In recent years, CNN has witnessed great success in computer vision. In this context, we will focus on how to use CNN to fuse deep depth feature with deep RGB and motion features effectively for RGB-D tracker.

2.4. Deep Motion Features

Deep motion feature has been successfully applied for action recognition [35] and video classification [36], but it is rarely applied to visual tracking. Most existing tracking methods only extract appearance features, ignore motion information. In [37], Zhu et al. proposed an end-to-end flow correlation tracker, which focuses on making use of the rich flow information in consecutive frames to improve the feature representation and the tracking accuracy. Danelljan [38] investigated the influence of deep motion features in a RGB tracker. But they have not taken depth information into account.

To the best of our knowledge, deep motion features are yet to be applied for RGB-D tracking. In this paper, we will discuss how to fuse deep motion features with RGB appearance features and geometrical features provided by depth image to improve the performance of RGB-D tracking.

3. RGB-D Tracking Based on MMDFF

3.1. Multimodal Deep Feature Fusion (MMDFF) Model

In this section, a novel MMDFF model is proposed for RGB-D tracking aiming at fusing deep motion features with static appearance and geometrical features provided by RGB and depth data. The overall architecture of our approach is illustrated as Figure 1, and our end-to-end MMDFF model is composed of four deep CNN: motion-specific CNN, RGB-specific CNN, depth-specific CNN, and RGB-Depth correlated CNN. A final fully connected (FC) fusion layer is proposed to effectively fuse deep RGB-D features and deep motion features; then the fused deep features are sent into the C-COT tracker, and the tracking result can be obtained at last.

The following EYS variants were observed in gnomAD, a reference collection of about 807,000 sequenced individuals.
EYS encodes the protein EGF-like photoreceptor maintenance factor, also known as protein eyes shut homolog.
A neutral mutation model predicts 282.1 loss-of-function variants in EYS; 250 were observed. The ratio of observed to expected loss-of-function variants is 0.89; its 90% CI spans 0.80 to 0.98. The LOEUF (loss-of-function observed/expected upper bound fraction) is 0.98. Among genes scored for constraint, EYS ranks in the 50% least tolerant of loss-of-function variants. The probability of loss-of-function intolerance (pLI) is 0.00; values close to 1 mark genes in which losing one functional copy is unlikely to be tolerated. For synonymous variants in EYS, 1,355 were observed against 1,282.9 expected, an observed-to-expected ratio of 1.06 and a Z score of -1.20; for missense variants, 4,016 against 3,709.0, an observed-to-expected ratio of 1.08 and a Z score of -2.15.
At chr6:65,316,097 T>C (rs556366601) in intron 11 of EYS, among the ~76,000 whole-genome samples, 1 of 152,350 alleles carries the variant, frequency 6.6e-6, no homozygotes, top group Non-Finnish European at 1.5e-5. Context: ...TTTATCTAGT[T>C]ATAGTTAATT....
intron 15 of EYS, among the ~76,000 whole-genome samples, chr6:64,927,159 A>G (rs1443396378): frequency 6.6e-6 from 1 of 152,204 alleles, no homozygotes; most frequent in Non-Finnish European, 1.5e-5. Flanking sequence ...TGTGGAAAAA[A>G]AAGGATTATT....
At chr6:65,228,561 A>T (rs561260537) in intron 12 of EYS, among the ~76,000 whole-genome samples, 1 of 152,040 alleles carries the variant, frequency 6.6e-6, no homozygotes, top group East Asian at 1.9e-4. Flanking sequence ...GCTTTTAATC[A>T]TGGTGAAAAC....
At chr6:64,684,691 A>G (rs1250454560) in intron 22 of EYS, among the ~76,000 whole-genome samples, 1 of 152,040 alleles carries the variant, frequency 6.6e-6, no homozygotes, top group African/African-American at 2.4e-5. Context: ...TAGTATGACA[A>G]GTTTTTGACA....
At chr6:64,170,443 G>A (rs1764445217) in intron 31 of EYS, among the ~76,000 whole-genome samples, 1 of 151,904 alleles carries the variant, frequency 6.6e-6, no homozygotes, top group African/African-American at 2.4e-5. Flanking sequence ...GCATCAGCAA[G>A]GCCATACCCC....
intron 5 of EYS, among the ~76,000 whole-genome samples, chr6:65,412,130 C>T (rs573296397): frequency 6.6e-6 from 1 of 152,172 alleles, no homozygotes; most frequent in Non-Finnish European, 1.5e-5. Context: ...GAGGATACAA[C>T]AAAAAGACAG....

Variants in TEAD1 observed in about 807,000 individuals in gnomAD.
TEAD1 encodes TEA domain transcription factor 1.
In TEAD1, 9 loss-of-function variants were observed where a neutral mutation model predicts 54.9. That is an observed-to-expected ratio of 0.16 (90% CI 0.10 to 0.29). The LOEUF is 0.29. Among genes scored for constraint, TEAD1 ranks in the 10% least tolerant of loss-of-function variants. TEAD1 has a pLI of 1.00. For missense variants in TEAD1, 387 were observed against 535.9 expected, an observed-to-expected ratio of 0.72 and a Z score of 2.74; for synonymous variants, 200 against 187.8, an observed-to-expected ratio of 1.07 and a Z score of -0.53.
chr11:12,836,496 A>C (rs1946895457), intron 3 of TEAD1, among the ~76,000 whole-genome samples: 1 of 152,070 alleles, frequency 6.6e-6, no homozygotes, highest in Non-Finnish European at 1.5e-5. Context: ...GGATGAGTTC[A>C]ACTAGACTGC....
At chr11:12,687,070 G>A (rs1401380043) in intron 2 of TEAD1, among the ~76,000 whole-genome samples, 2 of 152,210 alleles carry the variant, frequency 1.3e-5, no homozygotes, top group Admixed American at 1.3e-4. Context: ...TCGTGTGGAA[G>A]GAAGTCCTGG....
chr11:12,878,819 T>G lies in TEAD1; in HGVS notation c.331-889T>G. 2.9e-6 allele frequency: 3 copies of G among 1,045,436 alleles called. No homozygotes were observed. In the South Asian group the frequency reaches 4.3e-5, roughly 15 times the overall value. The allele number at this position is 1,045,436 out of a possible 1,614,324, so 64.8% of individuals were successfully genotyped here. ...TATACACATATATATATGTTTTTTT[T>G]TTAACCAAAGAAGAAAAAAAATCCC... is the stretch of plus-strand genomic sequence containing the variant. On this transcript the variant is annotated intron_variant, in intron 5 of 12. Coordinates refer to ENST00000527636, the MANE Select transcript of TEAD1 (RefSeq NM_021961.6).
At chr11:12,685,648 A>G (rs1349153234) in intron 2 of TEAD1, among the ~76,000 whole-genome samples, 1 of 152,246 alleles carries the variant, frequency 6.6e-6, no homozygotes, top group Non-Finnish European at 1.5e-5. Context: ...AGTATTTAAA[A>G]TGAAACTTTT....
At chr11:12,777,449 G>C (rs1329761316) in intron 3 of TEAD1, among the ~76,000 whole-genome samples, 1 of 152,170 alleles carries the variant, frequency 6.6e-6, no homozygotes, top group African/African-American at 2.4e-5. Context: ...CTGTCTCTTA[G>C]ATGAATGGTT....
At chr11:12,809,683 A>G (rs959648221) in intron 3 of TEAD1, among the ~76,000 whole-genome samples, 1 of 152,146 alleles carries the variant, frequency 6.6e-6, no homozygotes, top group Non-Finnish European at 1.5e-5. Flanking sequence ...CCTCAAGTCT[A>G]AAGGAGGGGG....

Figure 1: Our MMDFF model for RGB-D Tracking.

As described in Section 1, CNN has been shown to significantly outperform traditional machine learning approaches in a wide range of computer vision tasks. It has been widely acknowledged that CNN features extracted from different layers play different important roles in the tracking. A lower layer captures spatial detailed features, which is helpful to precisely localize the target object; at the same time, a higher layer provides semantic features which is robust to occlusion and deformation. In our MMDFF model, we separately adopt hierarchical convolutional features extracted from RGB-specific CNN and depth-specific CNN. To be more specific, two independent CNN networks are adopted: the RGB-specific CNN is for RGB data and the depth-specific CNN is for depth features. And the features on Conv3-3 and Conv5-3 in the two CNNs are sent to the highest fusing FC layer in our experiments.